All of this has me thinking- I've ordered the D800E (which may cause some trouble when video shooting with aliasing and moire) does it make sense to spend $3000 on a recorder for it or $3000 on the Blackmagic Cinema Camera which will do it all?
These are interesting times in which we are living.
The Nikon I believe is still a great cam, especially for photos.
Problem with the codec is that you can not do much in post such as, color correction, grading etc etc. You really have to film with the look in mind, but of course you know this otherwise you would not be looking into spending another 3000,- for an external device.
Personally I believe its a whole lot of money. If you do not need to use the Nikon much for photos, then I would not invest in the external device. But if you use it for both photos and filming it may be a good investment.
Just saw a review of the Black magic and I was Super Surprised, its 2.5 K (not 1080). Whow, thats really good for that price.
the Blackmagic Cinema Camera. It captures 2.5K (2432 x 1366) 12bit RAW footage with a claimed 13 stops of dynamic range on a sensor that is, at 16.64 x 14.04mm, slightly smaller than the Four Thirds standard. It features a Canon EF mount and the compact body includes a capacitive touchscreen and a Thunderbolt connection.
My first impression is, this is fantastic, still need to look into the specs though, such as the lens etc. but for that price 2.5 K........whow.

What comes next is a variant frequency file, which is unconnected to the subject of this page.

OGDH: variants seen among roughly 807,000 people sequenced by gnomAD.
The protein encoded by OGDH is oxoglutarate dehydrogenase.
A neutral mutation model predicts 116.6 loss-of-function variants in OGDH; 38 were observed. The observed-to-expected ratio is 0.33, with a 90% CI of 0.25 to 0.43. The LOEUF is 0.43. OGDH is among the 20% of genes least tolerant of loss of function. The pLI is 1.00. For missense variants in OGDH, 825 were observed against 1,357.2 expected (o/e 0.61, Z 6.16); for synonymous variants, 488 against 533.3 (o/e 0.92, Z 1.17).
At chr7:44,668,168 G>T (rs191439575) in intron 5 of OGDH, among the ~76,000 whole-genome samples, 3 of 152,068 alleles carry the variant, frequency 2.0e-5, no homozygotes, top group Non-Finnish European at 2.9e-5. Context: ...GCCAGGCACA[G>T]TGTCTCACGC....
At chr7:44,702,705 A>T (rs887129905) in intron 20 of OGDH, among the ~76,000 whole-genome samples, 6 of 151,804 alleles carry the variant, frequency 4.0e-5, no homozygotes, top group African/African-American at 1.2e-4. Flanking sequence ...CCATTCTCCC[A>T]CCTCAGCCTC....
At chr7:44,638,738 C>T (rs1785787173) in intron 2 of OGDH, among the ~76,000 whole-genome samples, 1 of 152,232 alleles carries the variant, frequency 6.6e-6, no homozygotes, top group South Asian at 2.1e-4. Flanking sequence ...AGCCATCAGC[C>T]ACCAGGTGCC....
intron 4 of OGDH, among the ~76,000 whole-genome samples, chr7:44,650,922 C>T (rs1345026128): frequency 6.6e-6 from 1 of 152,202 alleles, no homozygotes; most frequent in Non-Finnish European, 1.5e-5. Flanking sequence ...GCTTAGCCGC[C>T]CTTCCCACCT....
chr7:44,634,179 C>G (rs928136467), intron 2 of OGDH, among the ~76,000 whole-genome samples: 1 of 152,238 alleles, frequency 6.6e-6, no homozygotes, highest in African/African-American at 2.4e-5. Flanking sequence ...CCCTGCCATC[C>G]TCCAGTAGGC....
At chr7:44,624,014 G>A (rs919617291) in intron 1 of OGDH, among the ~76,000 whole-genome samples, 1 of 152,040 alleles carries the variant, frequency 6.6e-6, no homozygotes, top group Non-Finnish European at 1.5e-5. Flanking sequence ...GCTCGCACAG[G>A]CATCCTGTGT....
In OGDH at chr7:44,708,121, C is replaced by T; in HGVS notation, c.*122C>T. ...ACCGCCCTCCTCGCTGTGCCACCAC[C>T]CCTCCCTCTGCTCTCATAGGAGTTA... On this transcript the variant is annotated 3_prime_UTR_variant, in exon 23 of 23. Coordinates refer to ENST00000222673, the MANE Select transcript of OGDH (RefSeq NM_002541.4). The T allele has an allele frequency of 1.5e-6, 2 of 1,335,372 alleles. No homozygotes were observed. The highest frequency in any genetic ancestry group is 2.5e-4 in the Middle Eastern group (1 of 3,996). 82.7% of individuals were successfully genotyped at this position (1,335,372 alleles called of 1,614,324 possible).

I would be recording in DNxHD and editing on Avid Symphony, which has a decent color corrector (though admittedly not nearly as powerful as the BlackMagic Cinema/DaVinci workflow).
Recording to the internal card on the Nikon is discarding the camera's potential as a video camera. I'm going to try the cheaper BlackMagic Hyperdeck approach first-- and see how that does. I liked the Pix 240 for the audio interface and time code features, but at $3000, it's not cost effective for what I'm doing.
$3000 would better be spent on the BlackMagic Cinema camera. It records DNxHD native. There are some videos from the camera floating around-- they look promising.
I have a D700 which doesn't shoot video. I want the D800E for studio photo/portrait work. It's one heck of a studio camera for photography. The $500 Hyperdeck is at least a starting point for video, but I'm very concerned about aliasing and moire on the 800E, which removes the aliasing filter from the camera. Great for stills, not good for video.